> Identify what the fund could conceivably do to retain those members, especially those with higher balances. The board has enough media industry experience to know that there would be a lot of members taking redundancy packages from the big employer groups

    > Come up with a plan to attract new members. Media Super long ago stopped being a craft fund, where potential new members are readily identifiable. It can no longer rely on the “fathers of the chapel” (as the printers’ onsite union reps were called) and other union reps to cajole colleagues into joining. But that doesn’t mean the fund cannot build a community of members. It’s a digital world. If there was ever a fund which should be able to take advantage of new media to attract members it’s Media Super.

    > Look at mergers, sure, but only when they make sense. Certainly don’t give your incoming chief executive a FUM and membership growth target as his main KPIs. Interestingly, those KPIs don’t even figure in the main targets of the senior executives of some other funds, including Australian Super. Customer service and investment returns are the main targets, as they should be.

    > Refresh the board. The other long-standing board member, pre-dating even Noonan’s tenure, which dates back to 1991, is Chris Warren, who is federal secretary of the Media Entertainment and Arts Alliance (MEAA). Warren was a founding trustee of the original JUST in 1986. He is also ex-Fairfax but he eschewed a journalistic career early on, choosing a trade union one instead. Others have been on the board since 1997 (Philip Andersen), 2000 (Peter Halters) and 2002 (Katrina Ford).

    > Build the investment team. Glass was given scant resources at a time when the fund has needed to differentiate itself in some way from the larger funds with superior offerings. The fund can do three things in this regard: slash the cost to members; provide superior investment returns; provide superior customer service. Take number one out of the picture as unreasonable and you’re left with lifting returns and/or customer service.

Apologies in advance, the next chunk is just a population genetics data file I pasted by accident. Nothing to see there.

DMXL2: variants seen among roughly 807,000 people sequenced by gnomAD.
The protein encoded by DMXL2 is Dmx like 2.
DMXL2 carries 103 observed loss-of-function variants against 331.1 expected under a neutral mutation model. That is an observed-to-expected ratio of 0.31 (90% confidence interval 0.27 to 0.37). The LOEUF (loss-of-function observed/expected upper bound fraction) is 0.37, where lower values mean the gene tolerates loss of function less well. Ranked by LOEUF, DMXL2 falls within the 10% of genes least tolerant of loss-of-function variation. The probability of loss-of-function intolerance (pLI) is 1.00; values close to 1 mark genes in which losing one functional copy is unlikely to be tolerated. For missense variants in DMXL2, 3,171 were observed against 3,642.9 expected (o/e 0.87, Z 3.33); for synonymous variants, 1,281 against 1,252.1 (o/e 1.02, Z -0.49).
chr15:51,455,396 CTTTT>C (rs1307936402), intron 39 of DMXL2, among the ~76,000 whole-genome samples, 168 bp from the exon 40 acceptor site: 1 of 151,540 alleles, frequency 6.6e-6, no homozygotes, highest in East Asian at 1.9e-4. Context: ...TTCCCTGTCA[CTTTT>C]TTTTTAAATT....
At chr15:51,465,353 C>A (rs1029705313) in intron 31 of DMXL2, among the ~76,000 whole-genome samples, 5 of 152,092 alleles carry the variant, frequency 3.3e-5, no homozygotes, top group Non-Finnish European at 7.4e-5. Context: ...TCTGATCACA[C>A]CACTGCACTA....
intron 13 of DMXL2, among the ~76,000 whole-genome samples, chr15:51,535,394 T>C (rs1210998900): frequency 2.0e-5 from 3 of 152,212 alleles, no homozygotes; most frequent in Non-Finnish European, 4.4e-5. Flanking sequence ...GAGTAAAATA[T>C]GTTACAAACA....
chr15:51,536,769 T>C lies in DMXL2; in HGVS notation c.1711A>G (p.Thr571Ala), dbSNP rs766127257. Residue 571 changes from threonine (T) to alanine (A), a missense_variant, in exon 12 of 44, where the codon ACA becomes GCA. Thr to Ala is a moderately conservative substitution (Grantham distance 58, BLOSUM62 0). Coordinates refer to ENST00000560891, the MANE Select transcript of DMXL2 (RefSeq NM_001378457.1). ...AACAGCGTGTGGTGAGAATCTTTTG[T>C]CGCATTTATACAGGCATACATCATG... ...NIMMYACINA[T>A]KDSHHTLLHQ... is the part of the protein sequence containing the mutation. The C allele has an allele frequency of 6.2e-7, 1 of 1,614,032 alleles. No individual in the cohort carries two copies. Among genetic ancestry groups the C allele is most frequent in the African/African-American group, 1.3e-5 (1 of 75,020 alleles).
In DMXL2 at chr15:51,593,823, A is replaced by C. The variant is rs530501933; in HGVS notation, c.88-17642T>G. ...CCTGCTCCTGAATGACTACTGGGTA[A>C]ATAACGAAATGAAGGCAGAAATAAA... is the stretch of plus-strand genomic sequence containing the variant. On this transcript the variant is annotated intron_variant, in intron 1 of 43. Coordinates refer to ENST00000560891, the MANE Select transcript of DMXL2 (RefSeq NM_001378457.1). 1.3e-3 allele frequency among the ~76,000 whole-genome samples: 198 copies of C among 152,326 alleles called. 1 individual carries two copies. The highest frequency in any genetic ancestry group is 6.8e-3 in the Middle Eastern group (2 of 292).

All these things require money, but, harking back to his Australian Financial Review days again, Gerard should know that when a business gets itself into a cost-cutting funk, especially a small business in what is still a stellar growth industry, its days are numbered. If Media Super was a listed company, hedge funds, activist managers and other hostile suitors would have taken control long ago and either invested in the growth of the business or shut it down and sold the assets. Certainly such investors would have ousted the board.

A couple of years after its merger with Print Super, Media Super decided to ditch its member administration and asset consulting contracts with Mercer in favour of SuperPartners and Frontier Advisors. This was also done primarily to save on costs. Without many more boots on the ground provided by the individual funds, or at least paid for by them, SuperPartners’ customer service will be the same as about half the industry funds in the market.

So, that leaves investments as the most cost-effective place to invest resources in order to provide a point of differentiation for the fund through better and more tailored returns patterns.

At an AIST breakfast in Sydney last year, chaired by Gerard, who is also vice president of AIST, I asked a question from the floor about what funds could do, using Media Super as a specific example, to combat losses to the SMSF market. I asked whether the member-directed investment options (MDIOs) would likely be successful in this regard. I said that my accountant asked me when I would set up an SMSF almost every time I saw him. I was happier, then, I said, to have Jon Glass handling the bulk of my super rather than trying to do it myself. I just wanted a little more flexibility as I approached retirement age.

In his response Gerard said that, while the jury was still out on MDIOs, Media Super would not be introducing one. He said that if I wanted to pursue that direction, I should probably look at moving to Australian Super or another fund.

I have been a contributing employer and member of Media Super, or its predecessor, since about 1987. However, I’ve known Gerard a long time – we were both on the Australian Financial Review together in the early 1980s – and I did not take offence at that. I could have responded, though, that another option for the fund might be to get a new chairman. I trust he, similarly, doesn’t take offence at that.